e of the most exceptional collections of Asian art in North America takes center stage on Sunday, October 1, when the Walters Art Museum opens its new installation Arts of Asia. The dramatic display offers a rich exploration of artistic traditions from diverse cultures and regions across India, Nepal, Tibet, China, Korea, Japan, Myanmar, Thailand and Cambodia. The stunning array of more than 150 works spanning 2,000 years includes 30 objects that have never been on view.
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Mickalene Thomas' immersive two-story installation will transform the BMA's East Lobby into a living room for Baltimore. The experience will extend onto an enclosed terrace where the BMA will host a series of events, such as film screenings, artist talks, performances, workshops, book clubs, and self-care seminars. Influenced by the 1970s and 1980s, Thomas' signature aesthetic incorporates geometric patterns, prints, textures, wood paneling, and shag carpeting, among other nostalgic motifs.
Across sub-Saharan Africa, a strict gendered division of artistic labor existed throughout much of the 19th and 20th centuries. Men worked in wood and metal, carving and casting works that glorified leaders and paid homage to deities, while women created works in clay, cloth, and beads, stitching and firing the art of everyday life. This exhibition brings together two dozen works from the BMA's collection to demonstrate the critical role of women in shaping and maintaining social identities across 20th-century Africa.
Celebrate the season with festive art songs, classic carols, and holiday favorites performed by sopranos Annie Gill and Thea Tullman Moore, mezzo-soprano Christianne Rushton, baritone José Sacin, and pianist Patricia McKewen Amato.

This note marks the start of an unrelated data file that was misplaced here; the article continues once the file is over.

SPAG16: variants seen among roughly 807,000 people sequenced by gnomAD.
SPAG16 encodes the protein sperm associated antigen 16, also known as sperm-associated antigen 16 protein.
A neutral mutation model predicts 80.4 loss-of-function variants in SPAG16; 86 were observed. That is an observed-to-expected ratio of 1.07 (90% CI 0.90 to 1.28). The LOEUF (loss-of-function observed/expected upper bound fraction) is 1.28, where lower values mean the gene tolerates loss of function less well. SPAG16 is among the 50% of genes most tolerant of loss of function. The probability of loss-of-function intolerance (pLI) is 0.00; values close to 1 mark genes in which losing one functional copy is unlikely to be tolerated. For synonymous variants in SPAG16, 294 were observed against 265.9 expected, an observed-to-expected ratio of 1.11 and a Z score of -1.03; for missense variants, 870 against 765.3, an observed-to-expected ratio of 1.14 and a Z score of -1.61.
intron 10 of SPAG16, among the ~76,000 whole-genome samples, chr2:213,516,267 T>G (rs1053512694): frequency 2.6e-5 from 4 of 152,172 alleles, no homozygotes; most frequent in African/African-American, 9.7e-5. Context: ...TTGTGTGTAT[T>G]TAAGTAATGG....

Experience "performers with easy, conversational rapport with their audience, stage presence and exquisite voices” in a “diverse and energetic program” (Baltimore Messenger) and join the artists for a champagne reception after the hour of music.
The BMA hosts a free panel discussion with award-winning journalist Nikole Hannah-Jones who created The 1619 Project for The New York Times, activist/art collector Pamela Joyner, and Baltimore-based artist and art professor Zoë Charlton. Moderator Lauren Haynes from the Crystal Bridges Museum of American Art will lead a conversation on how a more complete accounting of history makes different futures possible, then invite questions from the audience.
The Founding Director of Galerie Myrtis will speak about her experience in Baltimore and the importance of having Black artists visible in Baltimore. There will be a conversation with Visual Arts Curator, Thomas James, and a Q&A session with the audience.
FIRST SUNDAY CONCERT SERIES
New Year’s Day Celebration
Wednesday, January 1 at 4.m.
Central Presbyterian Church, Towson
Greet the dawn of 2020 with old and new friends at our annual New Year’s Day Celebration,
featuring Baroque instrumental favorites selected by our beloved first chair musicians on flute,
oboe, cello, and harpsichord. Maestro T. Herbert Dimmock will also join the celebration on the
organ. There is no better way to welcome the new year!
Tickets: $25 Regular / $27 Door
FIRST SUNDAY CONCERT SERIES
January 5 at 4 p.m.
Church of the Redeemer, Baltimore
Bach’s Christmas Oratorio Part V: Ehre sei dir, Gott, gesungen
Bach’s Cantata 153: Schau, lieber Gott, wie meine Feind
Albinoni’s Oboe Concerto Opus 9, No. 2
Kerry Holahan, Soprano
Janna Critz, Alto
Kyle Tomlin, Tenor
Ross Tomaccio, Bass